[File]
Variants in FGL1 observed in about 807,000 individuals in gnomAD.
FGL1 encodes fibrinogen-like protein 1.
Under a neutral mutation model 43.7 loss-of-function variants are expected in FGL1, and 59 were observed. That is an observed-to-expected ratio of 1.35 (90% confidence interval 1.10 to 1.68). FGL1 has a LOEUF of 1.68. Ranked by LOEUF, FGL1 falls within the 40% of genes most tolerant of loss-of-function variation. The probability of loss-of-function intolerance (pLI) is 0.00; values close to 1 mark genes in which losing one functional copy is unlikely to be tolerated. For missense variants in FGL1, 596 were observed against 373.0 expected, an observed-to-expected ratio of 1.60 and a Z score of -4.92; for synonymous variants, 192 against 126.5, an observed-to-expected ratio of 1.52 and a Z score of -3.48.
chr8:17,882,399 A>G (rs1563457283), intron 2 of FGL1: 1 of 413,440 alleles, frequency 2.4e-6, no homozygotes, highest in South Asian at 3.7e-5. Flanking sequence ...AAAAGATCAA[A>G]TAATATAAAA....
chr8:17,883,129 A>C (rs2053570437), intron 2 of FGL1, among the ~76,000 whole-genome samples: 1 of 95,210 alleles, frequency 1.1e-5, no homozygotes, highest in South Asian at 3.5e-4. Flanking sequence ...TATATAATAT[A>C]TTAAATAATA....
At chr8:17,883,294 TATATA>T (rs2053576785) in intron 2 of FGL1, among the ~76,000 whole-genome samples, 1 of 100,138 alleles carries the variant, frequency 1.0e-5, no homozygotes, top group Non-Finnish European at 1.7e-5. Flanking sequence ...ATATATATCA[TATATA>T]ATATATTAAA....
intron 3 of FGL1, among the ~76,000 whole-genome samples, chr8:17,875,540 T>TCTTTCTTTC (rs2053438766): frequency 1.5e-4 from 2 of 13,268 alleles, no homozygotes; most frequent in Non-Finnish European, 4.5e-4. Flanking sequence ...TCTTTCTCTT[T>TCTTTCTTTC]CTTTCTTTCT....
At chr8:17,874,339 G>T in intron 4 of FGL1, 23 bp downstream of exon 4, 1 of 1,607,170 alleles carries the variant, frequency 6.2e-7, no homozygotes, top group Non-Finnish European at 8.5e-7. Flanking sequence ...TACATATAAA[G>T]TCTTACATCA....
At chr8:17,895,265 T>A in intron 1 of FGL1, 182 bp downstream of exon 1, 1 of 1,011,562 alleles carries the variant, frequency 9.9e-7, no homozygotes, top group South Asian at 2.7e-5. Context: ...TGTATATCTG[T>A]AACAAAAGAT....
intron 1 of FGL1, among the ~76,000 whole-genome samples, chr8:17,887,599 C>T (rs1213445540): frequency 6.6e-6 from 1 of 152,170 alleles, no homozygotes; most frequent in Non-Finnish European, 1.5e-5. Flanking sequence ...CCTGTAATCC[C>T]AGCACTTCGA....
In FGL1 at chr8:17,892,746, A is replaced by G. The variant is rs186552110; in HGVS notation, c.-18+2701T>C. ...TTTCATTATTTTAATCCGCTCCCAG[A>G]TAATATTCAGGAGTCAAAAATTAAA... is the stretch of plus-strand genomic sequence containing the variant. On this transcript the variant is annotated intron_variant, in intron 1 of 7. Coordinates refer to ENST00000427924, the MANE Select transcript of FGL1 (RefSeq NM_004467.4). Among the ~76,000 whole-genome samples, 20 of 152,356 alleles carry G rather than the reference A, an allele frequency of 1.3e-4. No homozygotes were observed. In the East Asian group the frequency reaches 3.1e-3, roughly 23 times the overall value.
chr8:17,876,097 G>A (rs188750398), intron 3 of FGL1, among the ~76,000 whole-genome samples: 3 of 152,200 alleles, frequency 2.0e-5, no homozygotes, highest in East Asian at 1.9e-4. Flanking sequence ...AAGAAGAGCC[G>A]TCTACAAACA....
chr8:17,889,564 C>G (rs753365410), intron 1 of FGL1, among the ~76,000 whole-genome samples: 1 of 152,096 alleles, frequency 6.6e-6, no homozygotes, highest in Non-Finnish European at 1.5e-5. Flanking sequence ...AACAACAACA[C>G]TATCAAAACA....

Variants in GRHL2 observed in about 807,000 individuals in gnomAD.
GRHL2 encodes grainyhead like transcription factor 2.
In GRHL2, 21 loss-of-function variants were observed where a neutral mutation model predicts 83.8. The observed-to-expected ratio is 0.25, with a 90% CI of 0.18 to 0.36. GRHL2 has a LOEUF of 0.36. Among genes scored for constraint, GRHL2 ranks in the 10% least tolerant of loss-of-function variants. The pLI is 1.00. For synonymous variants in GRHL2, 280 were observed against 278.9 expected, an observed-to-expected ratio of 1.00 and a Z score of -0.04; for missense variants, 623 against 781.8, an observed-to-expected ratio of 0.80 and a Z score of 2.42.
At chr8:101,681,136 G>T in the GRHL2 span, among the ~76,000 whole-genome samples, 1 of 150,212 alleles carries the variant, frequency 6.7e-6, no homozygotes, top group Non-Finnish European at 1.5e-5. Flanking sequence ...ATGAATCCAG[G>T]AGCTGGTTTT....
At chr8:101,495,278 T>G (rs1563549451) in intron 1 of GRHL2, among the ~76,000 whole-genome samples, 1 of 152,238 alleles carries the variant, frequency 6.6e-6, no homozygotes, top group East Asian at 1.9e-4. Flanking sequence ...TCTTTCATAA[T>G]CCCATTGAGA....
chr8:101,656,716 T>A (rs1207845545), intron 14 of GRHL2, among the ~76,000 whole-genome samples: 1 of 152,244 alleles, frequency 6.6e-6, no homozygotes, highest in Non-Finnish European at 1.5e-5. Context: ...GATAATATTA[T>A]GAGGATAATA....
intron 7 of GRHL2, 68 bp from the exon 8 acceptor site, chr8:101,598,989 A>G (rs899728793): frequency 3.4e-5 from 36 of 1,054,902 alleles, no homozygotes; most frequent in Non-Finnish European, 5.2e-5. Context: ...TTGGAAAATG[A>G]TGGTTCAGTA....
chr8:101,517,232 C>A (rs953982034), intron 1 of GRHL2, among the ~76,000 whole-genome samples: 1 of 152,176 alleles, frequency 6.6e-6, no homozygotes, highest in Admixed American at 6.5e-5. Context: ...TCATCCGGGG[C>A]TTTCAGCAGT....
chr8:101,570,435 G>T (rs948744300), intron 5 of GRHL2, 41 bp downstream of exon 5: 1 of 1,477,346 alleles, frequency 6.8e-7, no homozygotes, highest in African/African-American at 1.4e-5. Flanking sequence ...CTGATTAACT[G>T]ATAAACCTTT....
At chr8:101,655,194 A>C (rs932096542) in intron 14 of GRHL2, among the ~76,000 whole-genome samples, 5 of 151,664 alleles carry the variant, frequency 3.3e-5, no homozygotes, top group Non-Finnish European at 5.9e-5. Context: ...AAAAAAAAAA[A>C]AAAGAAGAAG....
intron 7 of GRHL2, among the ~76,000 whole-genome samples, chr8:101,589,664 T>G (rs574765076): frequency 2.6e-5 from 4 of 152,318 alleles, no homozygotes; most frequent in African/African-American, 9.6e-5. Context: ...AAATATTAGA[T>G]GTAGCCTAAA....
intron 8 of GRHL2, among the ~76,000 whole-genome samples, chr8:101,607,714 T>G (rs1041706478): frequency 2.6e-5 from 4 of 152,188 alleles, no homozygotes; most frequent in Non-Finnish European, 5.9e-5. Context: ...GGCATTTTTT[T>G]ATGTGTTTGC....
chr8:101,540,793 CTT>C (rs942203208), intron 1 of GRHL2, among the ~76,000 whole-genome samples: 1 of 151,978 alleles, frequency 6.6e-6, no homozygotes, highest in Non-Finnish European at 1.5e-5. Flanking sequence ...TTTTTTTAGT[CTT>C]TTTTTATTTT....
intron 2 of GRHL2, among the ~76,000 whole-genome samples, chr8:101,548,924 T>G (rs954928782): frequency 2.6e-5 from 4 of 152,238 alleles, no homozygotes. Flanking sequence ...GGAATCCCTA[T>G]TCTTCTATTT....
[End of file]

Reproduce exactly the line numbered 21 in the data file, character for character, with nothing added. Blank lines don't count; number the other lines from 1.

chr8:101,517,232 C>A (rs953982034), intron 1 of GRHL2, among the ~76,000 whole-genome samples: 1 of 152,176 alleles, frequency 6.6e-6, no homozygotes, highest in Admixed American at 6.5e-5. Context: ...TCATCCGGGG[C>A]TTTCAGCAGT....